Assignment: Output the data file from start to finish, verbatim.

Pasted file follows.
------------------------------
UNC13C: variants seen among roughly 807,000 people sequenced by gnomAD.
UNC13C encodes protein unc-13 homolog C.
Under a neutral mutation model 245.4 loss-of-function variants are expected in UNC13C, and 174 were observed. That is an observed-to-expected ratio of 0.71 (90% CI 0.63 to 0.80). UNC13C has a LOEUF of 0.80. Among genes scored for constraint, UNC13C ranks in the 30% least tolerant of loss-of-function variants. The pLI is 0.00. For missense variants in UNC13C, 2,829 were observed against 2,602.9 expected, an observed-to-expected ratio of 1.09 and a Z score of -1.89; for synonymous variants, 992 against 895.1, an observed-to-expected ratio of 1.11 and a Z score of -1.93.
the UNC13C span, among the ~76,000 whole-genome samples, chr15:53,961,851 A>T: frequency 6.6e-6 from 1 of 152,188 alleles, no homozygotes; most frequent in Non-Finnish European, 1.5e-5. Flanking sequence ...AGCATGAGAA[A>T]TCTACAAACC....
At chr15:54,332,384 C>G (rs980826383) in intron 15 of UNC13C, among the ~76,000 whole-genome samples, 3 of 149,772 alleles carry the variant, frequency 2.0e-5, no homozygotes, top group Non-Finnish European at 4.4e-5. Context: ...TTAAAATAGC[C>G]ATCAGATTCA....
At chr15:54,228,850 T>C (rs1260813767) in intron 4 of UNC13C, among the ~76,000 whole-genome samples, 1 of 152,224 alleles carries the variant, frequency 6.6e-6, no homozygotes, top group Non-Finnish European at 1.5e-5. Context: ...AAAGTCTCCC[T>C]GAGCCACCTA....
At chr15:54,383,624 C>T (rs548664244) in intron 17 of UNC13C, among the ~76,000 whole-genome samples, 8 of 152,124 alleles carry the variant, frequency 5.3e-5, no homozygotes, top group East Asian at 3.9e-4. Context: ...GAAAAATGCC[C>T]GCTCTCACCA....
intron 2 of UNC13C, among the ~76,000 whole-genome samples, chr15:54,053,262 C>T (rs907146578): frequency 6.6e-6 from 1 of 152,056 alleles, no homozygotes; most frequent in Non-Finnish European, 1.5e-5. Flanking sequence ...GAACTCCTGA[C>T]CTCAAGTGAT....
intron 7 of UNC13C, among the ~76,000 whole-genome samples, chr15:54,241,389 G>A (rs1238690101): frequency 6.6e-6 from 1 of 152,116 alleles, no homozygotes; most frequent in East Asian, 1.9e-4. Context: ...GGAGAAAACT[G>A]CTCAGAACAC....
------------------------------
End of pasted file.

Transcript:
UNC13C: variants seen among roughly 807,000 people sequenced by gnomAD.
UNC13C encodes protein unc-13 homolog C.
Under a neutral mutation model 245.4 loss-of-function variants are expected in UNC13C, and 174 were observed. That is an observed-to-expected ratio of 0.71 (90% CI 0.63 to 0.80). UNC13C has a LOEUF of 0.80. Among genes scored for constraint, UNC13C ranks in the 30% least tolerant of loss-of-function variants. The pLI is 0.00. For missense variants in UNC13C, 2,829 were observed against 2,602.9 expected, an observed-to-expected ratio of 1.09 and a Z score of -1.89; for synonymous variants, 992 against 895.1, an observed-to-expected ratio of 1.11 and a Z score of -1.93.
the UNC13C span, among the ~76,000 whole-genome samples, chr15:53,961,851 A>T: frequency 6.6e-6 from 1 of 152,188 alleles, no homozygotes; most frequent in Non-Finnish European, 1.5e-5. Flanking sequence ...AGCATGAGAA[A>T]TCTACAAACC....
At chr15:54,332,384 C>G (rs980826383) in intron 15 of UNC13C, among the ~76,000 whole-genome samples, 3 of 149,772 alleles carry the variant, frequency 2.0e-5, no homozygotes, top group Non-Finnish European at 4.4e-5. Context: ...TTAAAATAGC[C>G]ATCAGATTCA....
At chr15:54,228,850 T>C (rs1260813767) in intron 4 of UNC13C, among the ~76,000 whole-genome samples, 1 of 152,224 alleles carries the variant, frequency 6.6e-6, no homozygotes, top group Non-Finnish European at 1.5e-5. Context: ...AAAGTCTCCC[T>C]GAGCCACCTA....
At chr15:54,383,624 C>T (rs548664244) in intron 17 of UNC13C, among the ~76,000 whole-genome samples, 8 of 152,124 alleles carry the variant, frequency 5.3e-5, no homozygotes, top group East Asian at 3.9e-4. Context: ...GAAAAATGCC[C>T]GCTCTCACCA....
intron 2 of UNC13C, among the ~76,000 whole-genome samples, chr15:54,053,262 C>T (rs907146578): frequency 6.6e-6 from 1 of 152,056 alleles, no homozygotes; most frequent in Non-Finnish European, 1.5e-5. Flanking sequence ...GAACTCCTGA[C>T]CTCAAGTGAT....
intron 7 of UNC13C, among the ~76,000 whole-genome samples, chr15:54,241,389 G>A (rs1238690101): frequency 6.6e-6 from 1 of 152,116 alleles, no homozygotes; most frequent in East Asian, 1.9e-4. Context: ...GGAGAAAACT[G>A]CTCAGAACAC....